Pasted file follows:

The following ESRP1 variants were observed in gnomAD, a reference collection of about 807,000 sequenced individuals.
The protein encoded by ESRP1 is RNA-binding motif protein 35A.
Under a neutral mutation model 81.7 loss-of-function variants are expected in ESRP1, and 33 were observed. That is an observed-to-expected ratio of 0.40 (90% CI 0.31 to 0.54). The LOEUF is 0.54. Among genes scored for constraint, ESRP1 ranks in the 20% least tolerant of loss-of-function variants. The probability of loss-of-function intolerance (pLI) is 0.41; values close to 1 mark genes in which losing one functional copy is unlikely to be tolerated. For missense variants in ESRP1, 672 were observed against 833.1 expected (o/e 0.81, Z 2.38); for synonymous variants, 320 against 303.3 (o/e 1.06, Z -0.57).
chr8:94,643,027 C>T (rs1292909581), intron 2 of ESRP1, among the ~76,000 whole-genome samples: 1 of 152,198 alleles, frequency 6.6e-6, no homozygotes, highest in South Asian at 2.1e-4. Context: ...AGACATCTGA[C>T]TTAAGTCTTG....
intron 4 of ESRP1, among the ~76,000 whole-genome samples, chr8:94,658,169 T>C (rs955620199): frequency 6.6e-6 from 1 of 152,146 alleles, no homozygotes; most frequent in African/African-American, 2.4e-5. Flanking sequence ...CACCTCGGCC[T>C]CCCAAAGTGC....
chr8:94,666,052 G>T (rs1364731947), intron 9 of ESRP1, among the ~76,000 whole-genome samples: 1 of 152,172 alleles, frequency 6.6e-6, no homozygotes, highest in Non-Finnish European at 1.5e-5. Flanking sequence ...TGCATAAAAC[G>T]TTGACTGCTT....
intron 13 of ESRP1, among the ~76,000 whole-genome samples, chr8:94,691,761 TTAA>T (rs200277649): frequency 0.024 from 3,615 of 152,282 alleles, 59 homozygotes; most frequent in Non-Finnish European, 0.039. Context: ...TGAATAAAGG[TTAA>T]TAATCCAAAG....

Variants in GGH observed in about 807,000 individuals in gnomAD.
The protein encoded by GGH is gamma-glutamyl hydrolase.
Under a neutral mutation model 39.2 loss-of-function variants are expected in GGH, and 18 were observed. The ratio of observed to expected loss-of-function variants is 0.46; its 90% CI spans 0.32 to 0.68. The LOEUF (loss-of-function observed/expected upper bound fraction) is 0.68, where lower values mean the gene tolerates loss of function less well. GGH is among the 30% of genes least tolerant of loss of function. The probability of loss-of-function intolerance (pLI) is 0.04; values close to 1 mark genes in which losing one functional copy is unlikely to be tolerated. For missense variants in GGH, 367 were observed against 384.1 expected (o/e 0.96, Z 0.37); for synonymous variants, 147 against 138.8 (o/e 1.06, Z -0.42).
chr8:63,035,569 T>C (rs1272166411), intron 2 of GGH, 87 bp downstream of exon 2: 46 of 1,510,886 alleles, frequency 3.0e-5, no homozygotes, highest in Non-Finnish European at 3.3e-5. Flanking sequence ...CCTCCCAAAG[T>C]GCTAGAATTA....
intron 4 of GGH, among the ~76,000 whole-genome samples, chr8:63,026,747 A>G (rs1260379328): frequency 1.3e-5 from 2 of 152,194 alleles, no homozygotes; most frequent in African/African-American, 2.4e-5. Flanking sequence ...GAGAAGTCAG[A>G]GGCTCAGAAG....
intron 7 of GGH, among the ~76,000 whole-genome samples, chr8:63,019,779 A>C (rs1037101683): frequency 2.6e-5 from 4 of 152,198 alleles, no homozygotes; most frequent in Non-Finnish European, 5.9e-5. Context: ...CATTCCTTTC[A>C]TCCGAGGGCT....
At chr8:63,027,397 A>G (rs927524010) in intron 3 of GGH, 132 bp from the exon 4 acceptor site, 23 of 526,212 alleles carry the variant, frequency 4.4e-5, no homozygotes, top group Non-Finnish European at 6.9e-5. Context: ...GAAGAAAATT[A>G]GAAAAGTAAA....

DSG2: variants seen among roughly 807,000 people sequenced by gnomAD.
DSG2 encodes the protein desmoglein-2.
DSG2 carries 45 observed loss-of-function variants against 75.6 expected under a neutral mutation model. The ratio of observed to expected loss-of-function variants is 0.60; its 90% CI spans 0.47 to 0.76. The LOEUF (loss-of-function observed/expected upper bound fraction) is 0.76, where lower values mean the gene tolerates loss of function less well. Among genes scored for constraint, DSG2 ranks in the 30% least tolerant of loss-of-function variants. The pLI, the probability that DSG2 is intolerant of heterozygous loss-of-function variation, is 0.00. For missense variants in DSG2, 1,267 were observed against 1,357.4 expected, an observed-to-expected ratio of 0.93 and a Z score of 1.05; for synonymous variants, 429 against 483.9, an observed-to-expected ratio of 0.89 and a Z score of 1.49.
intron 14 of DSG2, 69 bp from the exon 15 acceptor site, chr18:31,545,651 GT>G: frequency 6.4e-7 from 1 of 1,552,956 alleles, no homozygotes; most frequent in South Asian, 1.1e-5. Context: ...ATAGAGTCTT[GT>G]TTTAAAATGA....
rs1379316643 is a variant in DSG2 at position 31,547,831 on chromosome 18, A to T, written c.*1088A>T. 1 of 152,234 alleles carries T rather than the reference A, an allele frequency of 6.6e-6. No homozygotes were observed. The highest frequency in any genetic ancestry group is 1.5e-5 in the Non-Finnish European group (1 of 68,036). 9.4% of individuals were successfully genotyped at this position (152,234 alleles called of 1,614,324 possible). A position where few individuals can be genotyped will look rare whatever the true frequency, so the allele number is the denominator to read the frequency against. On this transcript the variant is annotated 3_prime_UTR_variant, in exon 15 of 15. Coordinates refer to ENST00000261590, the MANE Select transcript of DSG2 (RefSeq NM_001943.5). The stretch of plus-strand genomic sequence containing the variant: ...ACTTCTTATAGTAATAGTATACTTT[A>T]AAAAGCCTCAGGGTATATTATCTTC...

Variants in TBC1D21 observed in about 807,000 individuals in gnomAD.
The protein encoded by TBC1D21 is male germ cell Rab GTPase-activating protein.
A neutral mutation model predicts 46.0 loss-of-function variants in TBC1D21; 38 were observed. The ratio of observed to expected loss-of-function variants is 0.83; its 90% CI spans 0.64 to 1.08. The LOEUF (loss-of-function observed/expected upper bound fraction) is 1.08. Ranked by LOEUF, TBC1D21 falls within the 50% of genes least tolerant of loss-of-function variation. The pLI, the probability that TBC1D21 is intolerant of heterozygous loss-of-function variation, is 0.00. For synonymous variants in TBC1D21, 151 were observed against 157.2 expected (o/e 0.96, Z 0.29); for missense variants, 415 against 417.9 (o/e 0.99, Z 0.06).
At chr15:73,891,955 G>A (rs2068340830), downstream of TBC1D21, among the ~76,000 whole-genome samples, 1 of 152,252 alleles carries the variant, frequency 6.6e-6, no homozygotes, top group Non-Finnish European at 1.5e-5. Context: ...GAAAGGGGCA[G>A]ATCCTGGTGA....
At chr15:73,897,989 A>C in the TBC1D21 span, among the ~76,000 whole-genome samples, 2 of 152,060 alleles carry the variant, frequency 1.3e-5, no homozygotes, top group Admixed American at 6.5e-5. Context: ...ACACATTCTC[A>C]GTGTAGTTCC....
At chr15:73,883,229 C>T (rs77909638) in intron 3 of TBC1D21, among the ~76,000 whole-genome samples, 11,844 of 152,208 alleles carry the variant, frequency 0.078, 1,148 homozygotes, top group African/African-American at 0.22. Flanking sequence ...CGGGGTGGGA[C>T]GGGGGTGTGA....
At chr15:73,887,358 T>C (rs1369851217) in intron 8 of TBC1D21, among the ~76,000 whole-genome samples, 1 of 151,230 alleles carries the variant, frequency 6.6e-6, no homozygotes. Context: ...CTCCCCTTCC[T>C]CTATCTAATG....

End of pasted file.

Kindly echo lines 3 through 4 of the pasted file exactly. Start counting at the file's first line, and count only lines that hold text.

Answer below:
Under a neutral mutation model 81.7 loss-of-function variants are expected in ESRP1, and 33 were observed. That is an observed-to-expected ratio of 0.40 (90% CI 0.31 to 0.54). The LOEUF is 0.54. Among genes scored for constraint, ESRP1 ranks in the 20% least tolerant of loss-of-function variants. The probability of loss-of-function intolerance (pLI) is 0.41; values close to 1 mark genes in which losing one functional copy is unlikely to be tolerated. For missense variants in ESRP1, 672 were observed against 833.1 expected (o/e 0.81, Z 2.38); for synonymous variants, 320 against 303.3 (o/e 1.06, Z -0.57).
chr8:94,643,027 C>T (rs1292909581), intron 2 of ESRP1, among the ~76,000 whole-genome samples: 1 of 152,198 alleles, frequency 6.6e-6, no homozygotes, highest in South Asian at 2.1e-4. Context: ...AGACATCTGA[C>T]TTAAGTCTTG....